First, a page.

Growing up as a preacher’s kid on the prairie, I knew nothing of the criminal justice system. I lived with my family in small farming towns, where life revolved around church and school, people knew their neighbors, and serious crime was a non-issue. Though I recall vague references among my peers to “being sent to Red Wing” (where there was a juvenile reformatory), anything to do with jails or prisons was not even on my radar. In the summer of 1977, however, in between my junior and senior years of high school, I decided to read Solzhenitsyn’s Gulag Archipelago. The KGB’s arrest of the dissident Anatoly Sharansky was attracting considerable press coverage, and The Gulag Archipelago, Volume I was selling well enough to be available in paperback in a small, independent bookstore in Owatonna, Minnesota.
Over thirty years later, the shocking scenes of incarceration recounted by Solzhenitsyn remain indelible. The stark image of a bare cell, with only a bucket for excrement, a moldy, bug-ridden bedroll on the floor, perhaps an equally moldy crust of bread or thin, bug-ridden gruel, and a cell mate who may very well be an informer. Sleep deprivation, dragging down the spirits. Even more horrific was the slow-motion description of a jackboot, poised to press down on a prisoner’s testicles – on “that which made you a man.” A little less than five years later, when I reread Volume I for a college history course, the jackboot image tended to become conflated in my mind with Jack London’s “iron heel.” And yet conflated or not, the image of torture and abuse remains, calling out for a response.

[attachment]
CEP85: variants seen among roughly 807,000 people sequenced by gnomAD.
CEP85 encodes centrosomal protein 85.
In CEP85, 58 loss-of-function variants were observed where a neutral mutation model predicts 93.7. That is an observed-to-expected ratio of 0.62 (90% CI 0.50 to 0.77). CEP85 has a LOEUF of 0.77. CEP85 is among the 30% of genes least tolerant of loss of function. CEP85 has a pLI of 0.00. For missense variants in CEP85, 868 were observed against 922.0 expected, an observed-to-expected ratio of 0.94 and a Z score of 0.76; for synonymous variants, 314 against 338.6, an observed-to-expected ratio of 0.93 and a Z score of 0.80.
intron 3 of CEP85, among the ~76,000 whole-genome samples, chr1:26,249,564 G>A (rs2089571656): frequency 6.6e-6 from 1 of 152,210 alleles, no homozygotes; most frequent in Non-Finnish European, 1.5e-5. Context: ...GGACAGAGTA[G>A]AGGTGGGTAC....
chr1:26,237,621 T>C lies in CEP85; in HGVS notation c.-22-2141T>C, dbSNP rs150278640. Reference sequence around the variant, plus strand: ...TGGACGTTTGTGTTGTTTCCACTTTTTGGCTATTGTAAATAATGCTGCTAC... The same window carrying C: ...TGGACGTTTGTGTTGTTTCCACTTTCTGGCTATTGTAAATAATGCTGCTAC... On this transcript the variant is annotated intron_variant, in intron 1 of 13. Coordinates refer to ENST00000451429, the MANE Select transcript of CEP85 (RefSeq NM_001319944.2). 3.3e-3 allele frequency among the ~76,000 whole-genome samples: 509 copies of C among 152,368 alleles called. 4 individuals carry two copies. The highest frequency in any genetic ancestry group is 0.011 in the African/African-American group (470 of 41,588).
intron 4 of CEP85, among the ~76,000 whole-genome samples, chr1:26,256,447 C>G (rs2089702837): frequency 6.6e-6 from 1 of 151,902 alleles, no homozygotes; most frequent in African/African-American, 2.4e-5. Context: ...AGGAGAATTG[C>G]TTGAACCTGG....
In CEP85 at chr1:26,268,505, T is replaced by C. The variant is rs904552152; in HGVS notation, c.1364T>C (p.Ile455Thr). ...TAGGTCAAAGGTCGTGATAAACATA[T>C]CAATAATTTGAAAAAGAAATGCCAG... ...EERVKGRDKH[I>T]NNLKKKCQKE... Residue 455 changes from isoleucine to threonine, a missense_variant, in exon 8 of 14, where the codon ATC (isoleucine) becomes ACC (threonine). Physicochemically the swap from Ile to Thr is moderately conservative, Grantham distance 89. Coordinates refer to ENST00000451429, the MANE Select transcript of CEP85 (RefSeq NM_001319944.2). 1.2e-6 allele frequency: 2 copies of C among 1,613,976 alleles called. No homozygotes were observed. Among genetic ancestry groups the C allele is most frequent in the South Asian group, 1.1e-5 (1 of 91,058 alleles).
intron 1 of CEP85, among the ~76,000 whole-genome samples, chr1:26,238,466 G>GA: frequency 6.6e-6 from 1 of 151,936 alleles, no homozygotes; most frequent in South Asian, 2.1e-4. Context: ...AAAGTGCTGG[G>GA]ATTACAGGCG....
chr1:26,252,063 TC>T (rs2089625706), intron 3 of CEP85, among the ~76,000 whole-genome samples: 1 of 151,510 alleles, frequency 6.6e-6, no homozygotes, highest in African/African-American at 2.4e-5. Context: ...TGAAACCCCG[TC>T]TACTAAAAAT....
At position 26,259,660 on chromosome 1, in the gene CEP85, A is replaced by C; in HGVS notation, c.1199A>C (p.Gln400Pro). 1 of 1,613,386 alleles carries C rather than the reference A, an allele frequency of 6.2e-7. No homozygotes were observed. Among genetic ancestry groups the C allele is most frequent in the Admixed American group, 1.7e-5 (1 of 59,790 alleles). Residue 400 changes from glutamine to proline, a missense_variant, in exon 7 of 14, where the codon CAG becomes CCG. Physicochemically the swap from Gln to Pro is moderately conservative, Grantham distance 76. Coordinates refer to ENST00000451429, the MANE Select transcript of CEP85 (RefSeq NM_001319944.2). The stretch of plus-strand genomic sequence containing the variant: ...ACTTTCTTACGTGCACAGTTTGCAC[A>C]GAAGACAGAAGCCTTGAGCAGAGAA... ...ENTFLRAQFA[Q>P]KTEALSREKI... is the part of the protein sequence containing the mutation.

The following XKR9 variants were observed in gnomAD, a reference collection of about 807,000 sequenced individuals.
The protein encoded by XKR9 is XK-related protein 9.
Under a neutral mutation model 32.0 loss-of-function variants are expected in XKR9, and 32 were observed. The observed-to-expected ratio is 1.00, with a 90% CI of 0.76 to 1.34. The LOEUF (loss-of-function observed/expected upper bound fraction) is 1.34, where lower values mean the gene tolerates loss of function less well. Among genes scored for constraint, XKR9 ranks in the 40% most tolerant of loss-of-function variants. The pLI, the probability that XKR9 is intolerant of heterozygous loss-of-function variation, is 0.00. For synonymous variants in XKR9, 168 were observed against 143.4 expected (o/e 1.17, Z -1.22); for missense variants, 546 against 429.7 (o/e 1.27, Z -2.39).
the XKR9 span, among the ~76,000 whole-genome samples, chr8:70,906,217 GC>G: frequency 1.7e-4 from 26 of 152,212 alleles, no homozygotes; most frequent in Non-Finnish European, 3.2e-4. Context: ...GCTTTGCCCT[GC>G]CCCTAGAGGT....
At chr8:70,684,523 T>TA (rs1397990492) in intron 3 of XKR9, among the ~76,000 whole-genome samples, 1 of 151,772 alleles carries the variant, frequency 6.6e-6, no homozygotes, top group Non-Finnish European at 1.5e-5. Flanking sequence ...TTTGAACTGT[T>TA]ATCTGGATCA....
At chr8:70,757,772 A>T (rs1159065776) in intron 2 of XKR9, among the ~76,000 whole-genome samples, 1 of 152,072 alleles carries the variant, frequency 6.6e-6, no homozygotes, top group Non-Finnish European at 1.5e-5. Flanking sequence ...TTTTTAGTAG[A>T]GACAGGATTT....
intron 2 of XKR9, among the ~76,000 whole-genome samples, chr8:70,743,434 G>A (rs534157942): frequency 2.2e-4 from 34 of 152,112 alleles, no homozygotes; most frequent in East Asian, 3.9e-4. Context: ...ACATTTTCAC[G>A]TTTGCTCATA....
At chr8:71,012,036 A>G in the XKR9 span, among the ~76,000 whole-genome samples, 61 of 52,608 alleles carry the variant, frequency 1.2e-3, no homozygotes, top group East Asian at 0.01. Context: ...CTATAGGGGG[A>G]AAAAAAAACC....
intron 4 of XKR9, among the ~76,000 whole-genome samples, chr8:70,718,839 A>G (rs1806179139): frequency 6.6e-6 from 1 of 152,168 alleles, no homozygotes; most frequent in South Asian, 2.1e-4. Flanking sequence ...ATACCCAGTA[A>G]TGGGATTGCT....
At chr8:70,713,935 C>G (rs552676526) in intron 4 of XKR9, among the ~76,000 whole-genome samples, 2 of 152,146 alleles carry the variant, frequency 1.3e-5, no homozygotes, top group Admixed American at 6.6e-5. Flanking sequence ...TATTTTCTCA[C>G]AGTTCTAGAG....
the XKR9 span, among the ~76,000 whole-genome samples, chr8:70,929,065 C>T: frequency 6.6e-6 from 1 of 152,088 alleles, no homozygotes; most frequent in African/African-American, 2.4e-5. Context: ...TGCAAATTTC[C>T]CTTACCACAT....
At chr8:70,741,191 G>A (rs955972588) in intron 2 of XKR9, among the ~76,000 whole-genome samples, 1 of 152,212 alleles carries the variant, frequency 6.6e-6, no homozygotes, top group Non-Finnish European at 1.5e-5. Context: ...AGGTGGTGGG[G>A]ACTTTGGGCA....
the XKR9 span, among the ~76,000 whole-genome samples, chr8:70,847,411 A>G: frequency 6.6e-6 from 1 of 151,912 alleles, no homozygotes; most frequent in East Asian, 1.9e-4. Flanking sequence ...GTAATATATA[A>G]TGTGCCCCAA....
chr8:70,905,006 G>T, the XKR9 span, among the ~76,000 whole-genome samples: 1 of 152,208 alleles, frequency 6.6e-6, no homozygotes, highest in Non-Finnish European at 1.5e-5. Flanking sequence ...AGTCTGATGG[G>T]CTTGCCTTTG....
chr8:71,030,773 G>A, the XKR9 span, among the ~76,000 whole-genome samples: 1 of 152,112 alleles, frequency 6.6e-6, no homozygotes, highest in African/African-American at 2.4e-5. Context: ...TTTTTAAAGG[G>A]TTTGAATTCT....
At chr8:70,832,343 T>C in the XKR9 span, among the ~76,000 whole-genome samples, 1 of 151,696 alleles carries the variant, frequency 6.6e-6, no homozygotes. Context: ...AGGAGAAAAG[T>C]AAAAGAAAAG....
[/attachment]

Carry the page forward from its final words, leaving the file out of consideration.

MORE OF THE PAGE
In my prairie Eden, “I sang in my chains like the sea” (Dylan Thomas). Reading Solzhenitsyn opened my eyes to the gulags that can lie in wait after the garden is gone.